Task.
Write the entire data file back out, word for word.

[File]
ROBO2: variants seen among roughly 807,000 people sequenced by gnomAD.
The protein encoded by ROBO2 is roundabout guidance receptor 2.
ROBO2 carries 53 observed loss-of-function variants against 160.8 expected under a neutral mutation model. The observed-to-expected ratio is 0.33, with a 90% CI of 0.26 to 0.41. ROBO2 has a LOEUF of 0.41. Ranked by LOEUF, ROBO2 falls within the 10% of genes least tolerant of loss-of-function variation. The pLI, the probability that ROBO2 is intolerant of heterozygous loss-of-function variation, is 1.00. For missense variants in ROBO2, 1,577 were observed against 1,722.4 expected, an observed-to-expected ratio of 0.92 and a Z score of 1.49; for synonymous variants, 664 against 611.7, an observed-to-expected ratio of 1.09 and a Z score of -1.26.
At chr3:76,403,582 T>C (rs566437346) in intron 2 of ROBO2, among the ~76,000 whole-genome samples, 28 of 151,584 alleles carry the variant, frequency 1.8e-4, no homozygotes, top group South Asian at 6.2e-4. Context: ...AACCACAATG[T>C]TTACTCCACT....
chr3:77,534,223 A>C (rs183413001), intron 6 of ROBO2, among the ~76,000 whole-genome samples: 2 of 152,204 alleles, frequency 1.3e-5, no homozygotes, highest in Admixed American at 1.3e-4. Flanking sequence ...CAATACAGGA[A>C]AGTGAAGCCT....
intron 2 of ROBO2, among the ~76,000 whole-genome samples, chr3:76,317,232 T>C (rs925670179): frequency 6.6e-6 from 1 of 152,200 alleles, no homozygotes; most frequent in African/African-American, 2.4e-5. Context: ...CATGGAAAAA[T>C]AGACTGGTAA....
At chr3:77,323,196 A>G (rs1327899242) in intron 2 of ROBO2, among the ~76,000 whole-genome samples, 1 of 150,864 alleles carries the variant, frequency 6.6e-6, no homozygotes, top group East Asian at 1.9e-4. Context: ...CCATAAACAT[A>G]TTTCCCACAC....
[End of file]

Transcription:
ROBO2: variants seen among roughly 807,000 people sequenced by gnomAD.
The protein encoded by ROBO2 is roundabout guidance receptor 2.
ROBO2 carries 53 observed loss-of-function variants against 160.8 expected under a neutral mutation model. The observed-to-expected ratio is 0.33, with a 90% CI of 0.26 to 0.41. ROBO2 has a LOEUF of 0.41. Ranked by LOEUF, ROBO2 falls within the 10% of genes least tolerant of loss-of-function variation. The pLI, the probability that ROBO2 is intolerant of heterozygous loss-of-function variation, is 1.00. For missense variants in ROBO2, 1,577 were observed against 1,722.4 expected, an observed-to-expected ratio of 0.92 and a Z score of 1.49; for synonymous variants, 664 against 611.7, an observed-to-expected ratio of 1.09 and a Z score of -1.26.
At chr3:76,403,582 T>C (rs566437346) in intron 2 of ROBO2, among the ~76,000 whole-genome samples, 28 of 151,584 alleles carry the variant, frequency 1.8e-4, no homozygotes, top group South Asian at 6.2e-4. Context: ...AACCACAATG[T>C]TTACTCCACT....
chr3:77,534,223 A>C (rs183413001), intron 6 of ROBO2, among the ~76,000 whole-genome samples: 2 of 152,204 alleles, frequency 1.3e-5, no homozygotes, highest in Admixed American at 1.3e-4. Flanking sequence ...CAATACAGGA[A>C]AGTGAAGCCT....
intron 2 of ROBO2, among the ~76,000 whole-genome samples, chr3:76,317,232 T>C (rs925670179): frequency 6.6e-6 from 1 of 152,200 alleles, no homozygotes; most frequent in African/African-American, 2.4e-5. Context: ...CATGGAAAAA[T>C]AGACTGGTAA....
At chr3:77,323,196 A>G (rs1327899242) in intron 2 of ROBO2, among the ~76,000 whole-genome samples, 1 of 150,864 alleles carries the variant, frequency 6.6e-6, no homozygotes, top group East Asian at 1.9e-4. Context: ...CCATAAACAT[A>G]TTTCCCACAC....